Like any hormone-plagued teenager who is simultaneously raging and yet uncertain about how to escape the strictures of the adult environment that rule his roost, I fell deeply in love with the word "iconoclast" when I first heard it. An internet dictionary defines the word "iconoclast" as "someone who attacks the beliefs, customs, and opinions that most people in a society accept."
And when I was a teenager, that sounded spot on ... gimme some of that! ... I was an iconoclast and proud of it ... or anyway I found the notion deliciously, impishly appealing. If people wore neat haircuts, I would be unkempt. If others went to church, I would stay away in spades. If others did damn near anything in a mindless, agreeable group ... that was obviously horseshit. The kick-ass Jesus turning over the money tables or disparaging golden idols was my kind of guy. Being an iconoclast was right up my alley at a time when finding an alley to be up was pretty hard. And if I couldn't find an alley to live in, at least I could pin on a label that seemed to offer some peace of mind: I would be an "iconoclast."
OK, I guess everyone snickers ruefully when looking back at earlier times, but I have some sympathy for the ignoramus I was. Teenagers and adults are not so very different ... everyone pushes the envelope. Perhaps the only difference is that an adult -- with very good luck -- recognizes that the bars on this cell, the envelope in which s/he is stuck, is entirely homemade. It's a rude awakening, which is why some very good luck is required.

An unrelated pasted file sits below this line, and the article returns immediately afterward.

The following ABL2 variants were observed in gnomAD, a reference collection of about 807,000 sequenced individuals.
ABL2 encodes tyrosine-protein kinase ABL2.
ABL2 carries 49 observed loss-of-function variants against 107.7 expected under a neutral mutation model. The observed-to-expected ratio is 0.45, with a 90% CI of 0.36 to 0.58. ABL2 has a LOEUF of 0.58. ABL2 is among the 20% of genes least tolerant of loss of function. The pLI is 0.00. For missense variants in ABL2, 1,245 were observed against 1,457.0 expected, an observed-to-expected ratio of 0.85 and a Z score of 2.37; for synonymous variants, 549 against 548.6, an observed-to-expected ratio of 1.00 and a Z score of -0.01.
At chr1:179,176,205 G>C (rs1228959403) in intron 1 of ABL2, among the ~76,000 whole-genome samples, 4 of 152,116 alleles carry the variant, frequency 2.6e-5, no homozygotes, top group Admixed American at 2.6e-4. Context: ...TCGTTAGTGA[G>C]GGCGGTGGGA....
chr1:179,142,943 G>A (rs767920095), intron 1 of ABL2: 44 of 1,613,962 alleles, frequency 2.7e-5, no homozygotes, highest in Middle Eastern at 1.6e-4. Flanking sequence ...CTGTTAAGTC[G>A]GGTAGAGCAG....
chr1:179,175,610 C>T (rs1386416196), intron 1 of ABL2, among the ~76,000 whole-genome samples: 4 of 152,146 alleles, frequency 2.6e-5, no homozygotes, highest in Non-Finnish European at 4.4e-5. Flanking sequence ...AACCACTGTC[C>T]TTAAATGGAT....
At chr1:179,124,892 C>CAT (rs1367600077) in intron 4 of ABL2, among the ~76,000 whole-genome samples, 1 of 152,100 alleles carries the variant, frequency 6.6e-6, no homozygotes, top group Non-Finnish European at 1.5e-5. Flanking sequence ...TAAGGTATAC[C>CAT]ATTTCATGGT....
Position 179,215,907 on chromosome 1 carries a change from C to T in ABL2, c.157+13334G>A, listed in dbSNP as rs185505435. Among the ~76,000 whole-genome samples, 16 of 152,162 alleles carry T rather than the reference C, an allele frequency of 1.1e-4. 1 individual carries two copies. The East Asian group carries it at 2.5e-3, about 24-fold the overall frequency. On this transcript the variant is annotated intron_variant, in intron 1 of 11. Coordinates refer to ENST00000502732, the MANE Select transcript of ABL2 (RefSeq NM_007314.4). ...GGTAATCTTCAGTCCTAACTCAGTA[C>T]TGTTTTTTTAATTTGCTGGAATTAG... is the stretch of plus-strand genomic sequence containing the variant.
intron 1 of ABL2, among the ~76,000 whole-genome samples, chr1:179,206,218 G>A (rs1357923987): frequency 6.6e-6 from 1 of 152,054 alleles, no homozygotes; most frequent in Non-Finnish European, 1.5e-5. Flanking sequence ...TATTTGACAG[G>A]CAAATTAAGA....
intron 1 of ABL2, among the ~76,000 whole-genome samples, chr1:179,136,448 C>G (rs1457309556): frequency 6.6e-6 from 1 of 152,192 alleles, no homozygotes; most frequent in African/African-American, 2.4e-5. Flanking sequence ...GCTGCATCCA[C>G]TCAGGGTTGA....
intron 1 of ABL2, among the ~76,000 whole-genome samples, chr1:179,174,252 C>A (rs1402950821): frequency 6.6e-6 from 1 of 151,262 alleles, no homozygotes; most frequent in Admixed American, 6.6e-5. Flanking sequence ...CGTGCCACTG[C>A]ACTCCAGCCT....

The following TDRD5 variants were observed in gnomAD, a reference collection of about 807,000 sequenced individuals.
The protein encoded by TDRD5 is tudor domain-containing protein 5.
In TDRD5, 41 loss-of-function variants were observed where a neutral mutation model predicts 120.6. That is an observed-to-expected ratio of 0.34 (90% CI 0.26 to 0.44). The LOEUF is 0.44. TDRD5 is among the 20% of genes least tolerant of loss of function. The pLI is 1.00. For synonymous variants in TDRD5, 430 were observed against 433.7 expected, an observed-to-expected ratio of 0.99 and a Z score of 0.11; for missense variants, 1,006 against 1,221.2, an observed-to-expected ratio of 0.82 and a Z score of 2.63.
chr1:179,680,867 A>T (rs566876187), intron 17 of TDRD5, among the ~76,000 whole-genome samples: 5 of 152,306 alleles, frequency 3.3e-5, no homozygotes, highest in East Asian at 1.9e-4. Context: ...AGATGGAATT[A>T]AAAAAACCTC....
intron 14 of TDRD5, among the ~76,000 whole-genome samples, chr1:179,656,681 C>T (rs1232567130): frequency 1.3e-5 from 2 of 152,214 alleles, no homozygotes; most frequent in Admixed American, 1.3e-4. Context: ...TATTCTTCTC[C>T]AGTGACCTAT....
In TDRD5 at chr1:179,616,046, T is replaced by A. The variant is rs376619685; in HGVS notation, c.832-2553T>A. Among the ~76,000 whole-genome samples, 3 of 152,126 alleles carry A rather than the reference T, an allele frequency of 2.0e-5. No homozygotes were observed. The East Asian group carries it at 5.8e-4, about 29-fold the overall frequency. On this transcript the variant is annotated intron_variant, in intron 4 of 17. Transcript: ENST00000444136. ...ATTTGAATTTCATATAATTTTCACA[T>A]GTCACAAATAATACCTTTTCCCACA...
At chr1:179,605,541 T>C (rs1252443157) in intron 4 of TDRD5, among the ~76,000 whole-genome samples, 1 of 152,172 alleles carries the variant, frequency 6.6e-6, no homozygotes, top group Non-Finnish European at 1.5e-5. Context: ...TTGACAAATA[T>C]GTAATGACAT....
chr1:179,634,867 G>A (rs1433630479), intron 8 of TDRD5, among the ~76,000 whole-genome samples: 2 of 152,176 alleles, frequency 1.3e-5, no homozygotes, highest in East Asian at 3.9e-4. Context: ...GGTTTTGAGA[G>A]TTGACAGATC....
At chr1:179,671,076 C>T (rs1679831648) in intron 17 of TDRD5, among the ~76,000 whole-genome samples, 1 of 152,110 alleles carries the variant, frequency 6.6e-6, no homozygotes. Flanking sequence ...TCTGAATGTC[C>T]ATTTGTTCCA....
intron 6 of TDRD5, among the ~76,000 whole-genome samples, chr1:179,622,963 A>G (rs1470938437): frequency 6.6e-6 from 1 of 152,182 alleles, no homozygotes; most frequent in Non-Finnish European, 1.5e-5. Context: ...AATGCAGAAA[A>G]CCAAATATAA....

The rough cob of this rude awakening lies partly in the fact that only an idolator could be an iconoclast. A kick-ass Jesus overturning money tables and excoriating golden idols may be a very good lesson indeed, but it can also be the basis for a whole new idolatry ... looking elsewhere for an ethical or possibly moral system that is only as good as what a lucky adult might assume personal responsibility for. The logic and reality simply don't hold up: Jesus was an iconoclast; I like Jesus; therefore I am an iconoclast too.
A rough cob: Ethics are what we see in public. Morality is what we perform when no one is looking. The rambunctious teenager in all of us -- the one longing to escape the envelope and break out of jail -- must first examine the constricting confines of a very-well-mortared and utterly personal idolatry. Railing at the heavens or assuming the mantle of "iconoclast" doesn't really make the night less lonely.
Examining the envelope or the jail cell is not for sissies. Why and how did I build this maximum-security institution? Why do I long to leave and yet am scared to go? Maybe I could just blow the whole thing to smithereens with some shazzam breakthrough of understanding ... oh goody -- enlightenment, kensho, satori ... the Tooth Fairy cometh.
This is not to make light of things. It's a pretty rough cob.
But bit by attentive bit, the dime may drop. There is no need to change anything. Things break (or change) all by themselves. Idolatry and iconoclasm are both extras that refer to me, not to the things themselves ... the things that change (or break) all by themselves. I may long to be in control or, equally, imagine that I have no control, but this is just kaffee klatsch gossip when confronting what initially may seem to be the rough-cob facts.
Bit by attentive bit, idolatry and iconoclasm, like anything else, melt away. It's just what happens. This is no land for hymn-singing idolators or kick-ass iconoclasts.
It is just cool water on a hot summer day.
A wood fire in the sub-zero storms.
It is just home.
PS. In keeping with full disclosure, I have to admit that the impetus for the above probably came from an essay entitled "Buddha: The Perpetual Iconoclast" by Alfred Bloom. The essay was called to my attention earlier on this blog.